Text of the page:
Review: ‘Spooky Action at a Distance’ by Felicia Watson

Spooky Action at a Distance by [Felicia Watson]

Genre: Space opera

Description: This is a sequel to Watson’s We Have Met The Enemy, which I reviewed on my blog (judimoore.wordpress.com) in May this year. I enjoyed that, so when I saw this in Big Al’s ‘to review’ list I grabbed it.

This is, actually, the better book of the two in my opinion. The prose is supple and accurate. It begins with action. While the reader is given time to breathe, the action thereafter never really lets up. The introspection which sometimes slowed the pace of WHMTE is more lightly worn this time. Old griefs and enmities have been reconciled when this book opens (mostly): there is more humour. There is a fresh challenge to occupy the very talented and skilled crew of the UDC spaceship Lovelace. An engaging sense of jeopardy is maintained; characters interact credibly, and blossom – sometimes in surprising ways; McGuffins are skilfully crafted, aliens are both imaginative and credible, and the tech is believable and serviceable without getting in the way.

Author: Felicia Watson’s day job is as a scientist. But when she’s writing she says she is “drawn to character driven tales, where we see people we recognize, people who struggle with their mistakes and shortcomings, acknowledge them, and use that knowledge to grow into wiser human beings.” (Goodreads biog). Certainly that is what she has done with these two books set aboard the Lovelace.

Appraisal: I found this novel galloped along. I finished it inside a week (which is quick for me). The structure of the book works well, enabling the story to be character-driven as much as plot-driven. The Lovelace, the space-ship home of the protagonists, is tasked with an urgent mission to The Expanse to rescue two UDC ships which have become stuck there. Time is of the essence (of course) as The Expanse is becoming increasingly unstable and will shortly leave the area of space in which it is currently located.

There is a canine Corpsman (3rd class). There is interesting information on Native American peoples. There is pink dust (you will love the pink dust). The author continues to consider, alongside the rollicking action and with a light touch, what a more equable society in the future might look like, and how it might yet leave room for improvement.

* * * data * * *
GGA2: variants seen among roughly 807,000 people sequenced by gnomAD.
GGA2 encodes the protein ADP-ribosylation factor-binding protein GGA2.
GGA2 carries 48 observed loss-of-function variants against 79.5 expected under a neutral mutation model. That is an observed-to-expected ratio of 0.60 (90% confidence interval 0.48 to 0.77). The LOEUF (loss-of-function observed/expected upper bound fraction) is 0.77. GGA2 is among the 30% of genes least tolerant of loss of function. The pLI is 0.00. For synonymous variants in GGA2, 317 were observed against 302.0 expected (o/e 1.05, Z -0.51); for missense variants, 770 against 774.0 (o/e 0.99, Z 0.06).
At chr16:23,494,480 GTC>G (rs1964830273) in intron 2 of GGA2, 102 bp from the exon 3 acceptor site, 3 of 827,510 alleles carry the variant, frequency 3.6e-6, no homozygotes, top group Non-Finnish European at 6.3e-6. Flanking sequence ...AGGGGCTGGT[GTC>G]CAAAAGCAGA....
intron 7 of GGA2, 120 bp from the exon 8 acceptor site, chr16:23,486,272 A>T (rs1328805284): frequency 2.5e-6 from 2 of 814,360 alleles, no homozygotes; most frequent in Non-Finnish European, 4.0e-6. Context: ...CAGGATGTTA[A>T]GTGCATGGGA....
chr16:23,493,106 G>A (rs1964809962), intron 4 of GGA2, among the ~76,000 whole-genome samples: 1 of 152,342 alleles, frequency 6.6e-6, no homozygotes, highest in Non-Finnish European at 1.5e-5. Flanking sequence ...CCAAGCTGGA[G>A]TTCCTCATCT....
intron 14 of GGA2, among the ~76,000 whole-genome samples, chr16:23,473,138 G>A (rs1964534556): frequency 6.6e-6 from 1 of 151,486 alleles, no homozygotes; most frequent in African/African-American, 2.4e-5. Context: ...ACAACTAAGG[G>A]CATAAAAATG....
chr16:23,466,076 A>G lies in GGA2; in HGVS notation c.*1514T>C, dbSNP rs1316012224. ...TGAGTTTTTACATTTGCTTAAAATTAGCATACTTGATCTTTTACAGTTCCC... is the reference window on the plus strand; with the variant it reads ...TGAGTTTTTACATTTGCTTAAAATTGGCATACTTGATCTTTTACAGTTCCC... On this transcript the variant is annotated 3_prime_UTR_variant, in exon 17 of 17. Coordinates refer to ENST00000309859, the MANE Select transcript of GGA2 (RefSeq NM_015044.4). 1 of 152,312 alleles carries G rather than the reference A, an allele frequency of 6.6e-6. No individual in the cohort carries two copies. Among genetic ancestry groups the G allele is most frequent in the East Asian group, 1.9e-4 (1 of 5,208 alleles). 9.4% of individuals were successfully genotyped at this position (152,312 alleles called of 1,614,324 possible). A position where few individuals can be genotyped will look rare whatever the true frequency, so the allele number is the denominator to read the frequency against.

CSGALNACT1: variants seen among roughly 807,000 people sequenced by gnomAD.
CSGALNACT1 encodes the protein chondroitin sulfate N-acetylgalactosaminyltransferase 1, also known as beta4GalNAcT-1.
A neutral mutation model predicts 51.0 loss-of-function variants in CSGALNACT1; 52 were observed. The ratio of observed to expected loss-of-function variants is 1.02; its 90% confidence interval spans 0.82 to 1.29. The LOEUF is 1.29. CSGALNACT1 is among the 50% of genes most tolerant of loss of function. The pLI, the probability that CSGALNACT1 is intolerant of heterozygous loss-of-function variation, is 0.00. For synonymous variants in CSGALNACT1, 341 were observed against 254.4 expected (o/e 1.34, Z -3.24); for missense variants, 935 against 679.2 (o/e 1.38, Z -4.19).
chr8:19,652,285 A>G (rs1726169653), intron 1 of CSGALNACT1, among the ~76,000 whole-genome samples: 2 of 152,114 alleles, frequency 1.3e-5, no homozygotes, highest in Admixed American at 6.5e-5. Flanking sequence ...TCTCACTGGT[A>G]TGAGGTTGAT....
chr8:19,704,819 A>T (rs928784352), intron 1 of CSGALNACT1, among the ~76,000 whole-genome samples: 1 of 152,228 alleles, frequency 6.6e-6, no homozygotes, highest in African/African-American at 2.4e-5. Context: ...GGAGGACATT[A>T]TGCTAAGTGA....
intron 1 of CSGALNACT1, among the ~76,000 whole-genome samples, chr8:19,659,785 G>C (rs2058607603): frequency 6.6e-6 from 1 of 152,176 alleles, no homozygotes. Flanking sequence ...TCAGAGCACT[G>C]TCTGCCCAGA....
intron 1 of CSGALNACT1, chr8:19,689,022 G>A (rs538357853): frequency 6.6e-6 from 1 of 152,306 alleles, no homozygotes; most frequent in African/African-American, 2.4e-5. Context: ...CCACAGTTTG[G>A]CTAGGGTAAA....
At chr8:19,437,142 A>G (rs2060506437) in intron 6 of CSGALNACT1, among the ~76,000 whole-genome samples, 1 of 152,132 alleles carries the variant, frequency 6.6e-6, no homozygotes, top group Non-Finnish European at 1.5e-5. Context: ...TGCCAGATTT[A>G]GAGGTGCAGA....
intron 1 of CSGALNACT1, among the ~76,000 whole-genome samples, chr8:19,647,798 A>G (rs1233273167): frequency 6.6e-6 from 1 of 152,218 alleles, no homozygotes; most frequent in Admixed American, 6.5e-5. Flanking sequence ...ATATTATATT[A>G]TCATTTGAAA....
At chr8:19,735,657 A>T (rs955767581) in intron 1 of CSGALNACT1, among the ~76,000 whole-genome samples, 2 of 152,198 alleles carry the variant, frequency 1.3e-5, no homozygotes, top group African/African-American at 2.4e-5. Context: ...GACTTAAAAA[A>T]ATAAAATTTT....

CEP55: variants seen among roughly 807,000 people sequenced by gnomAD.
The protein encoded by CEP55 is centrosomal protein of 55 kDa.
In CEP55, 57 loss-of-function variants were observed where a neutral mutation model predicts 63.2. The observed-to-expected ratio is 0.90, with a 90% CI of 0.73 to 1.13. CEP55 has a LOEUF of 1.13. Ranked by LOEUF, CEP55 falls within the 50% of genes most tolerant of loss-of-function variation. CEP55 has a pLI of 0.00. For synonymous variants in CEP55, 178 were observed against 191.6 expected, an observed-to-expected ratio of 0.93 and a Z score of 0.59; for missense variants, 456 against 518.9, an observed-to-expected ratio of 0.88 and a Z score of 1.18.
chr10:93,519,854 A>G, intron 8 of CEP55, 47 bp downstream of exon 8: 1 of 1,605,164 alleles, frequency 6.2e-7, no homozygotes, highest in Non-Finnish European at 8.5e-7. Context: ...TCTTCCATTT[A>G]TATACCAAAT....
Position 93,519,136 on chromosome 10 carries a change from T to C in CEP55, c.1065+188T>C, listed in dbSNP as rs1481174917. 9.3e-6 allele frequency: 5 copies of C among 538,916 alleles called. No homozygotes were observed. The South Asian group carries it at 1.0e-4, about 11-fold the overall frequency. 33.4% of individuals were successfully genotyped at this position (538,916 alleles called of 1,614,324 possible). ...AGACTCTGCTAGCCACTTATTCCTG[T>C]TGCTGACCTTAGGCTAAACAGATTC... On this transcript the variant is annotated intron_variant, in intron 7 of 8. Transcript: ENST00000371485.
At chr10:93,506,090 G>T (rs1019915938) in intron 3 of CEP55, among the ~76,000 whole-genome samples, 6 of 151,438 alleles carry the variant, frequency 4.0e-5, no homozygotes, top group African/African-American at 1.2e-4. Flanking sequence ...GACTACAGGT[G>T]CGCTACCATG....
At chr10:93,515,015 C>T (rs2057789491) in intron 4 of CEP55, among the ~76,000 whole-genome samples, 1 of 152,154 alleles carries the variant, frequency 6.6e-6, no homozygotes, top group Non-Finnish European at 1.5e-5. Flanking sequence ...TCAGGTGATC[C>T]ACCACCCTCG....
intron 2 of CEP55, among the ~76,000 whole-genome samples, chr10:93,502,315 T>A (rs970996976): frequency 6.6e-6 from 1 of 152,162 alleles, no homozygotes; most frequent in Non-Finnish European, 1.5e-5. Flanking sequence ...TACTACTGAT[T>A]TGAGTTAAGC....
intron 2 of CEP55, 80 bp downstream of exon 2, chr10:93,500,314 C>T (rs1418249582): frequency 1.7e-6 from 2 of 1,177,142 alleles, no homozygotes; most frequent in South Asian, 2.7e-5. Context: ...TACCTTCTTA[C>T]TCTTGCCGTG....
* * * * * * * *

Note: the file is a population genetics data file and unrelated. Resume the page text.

As with WHMTE, Watson has prefaced each chapter with an epigraph. Once again she has ranged widely for these, from Milton to Emily Dickinson, and taking in some interesting outliers along the way. They are always germane to the matter in the chapter to come.

The only thing I didn’t get was the title.**

Given that this is the second book of two – does it stand alone? Pretty much. There are just a couple of things you will need to take on trust if you don’t start with We Have Met The Enemy.

I don’t give 5*s to many books I review. The top rating needs to be reserved for the really good stuff, right? This is a ***** book. If you like SF, I heartily recommend it to you.

*Prepared for Big Al & Pals review site. Received a complimentary file of the book for review purposes.

** which, I have since learned, references Albert Einstein’s view of quantum entanglement

Published by Judi Moore

Hi there, I hope you find something to interest you here. In December 2017 I published my fourth book – ‘Wonders will never cease’. It’s a satirical campus novel set in the fictional Ariel University in 1985. If you enjoyed Tom Sharpe’s Porterhouse novels, Willy Russell’s ‘Educating Rita’, David Lodge’s campus novels or Malcolm Bradbury’s ‘The History Man’ back in the day, you may enjoy revisiting the ivory towers of 1980s’ academe thirty years on. See what you think. “It is December, 1985. The year is winding gently towards its close until Fergus Girvan, a Classicist at Ariel University, finds his research has been stolen by the man who is also seeking to steal his daughter. But which man is, actually, the more unscrupulous of the two? And is there hope for either of them?” In the autumn of 2015 I published a volume of short fiction: 'Ice Cold Passion and other stories'. I am also the author of novella 'Little Mouse', a shortish piece of historical fiction which I published in 2014 and, a sequel to it, 'Is death really necessary?', my eco thriller set in the near future and which, confusingly, I published in 2009. All the books are available from all good online bookshops and FeedARead on paper, and as e-books on Kindle. On a semi-regular basis, and about a month after the event, I post here reviews which I do for Big Al & Pals, the premier reviewer of indie books, based in the States. My interests tend to thrillers, SF, magic realism and other quirky stuff. On this blog are also posted the reviews I did for Leighton Buzzard Music Club over some five years up to the end of 2015. LBMC present annual seasons of eight monthly chamber music concerts at the Library Theatre in Leighton Buzzard, Bucks. They select young musicians just beginning to make their name - and the concerts are usually magnificent. I was very proud to be associated with them. I review other music, books, theatre and exhibitions which I've particularly enjoyed.

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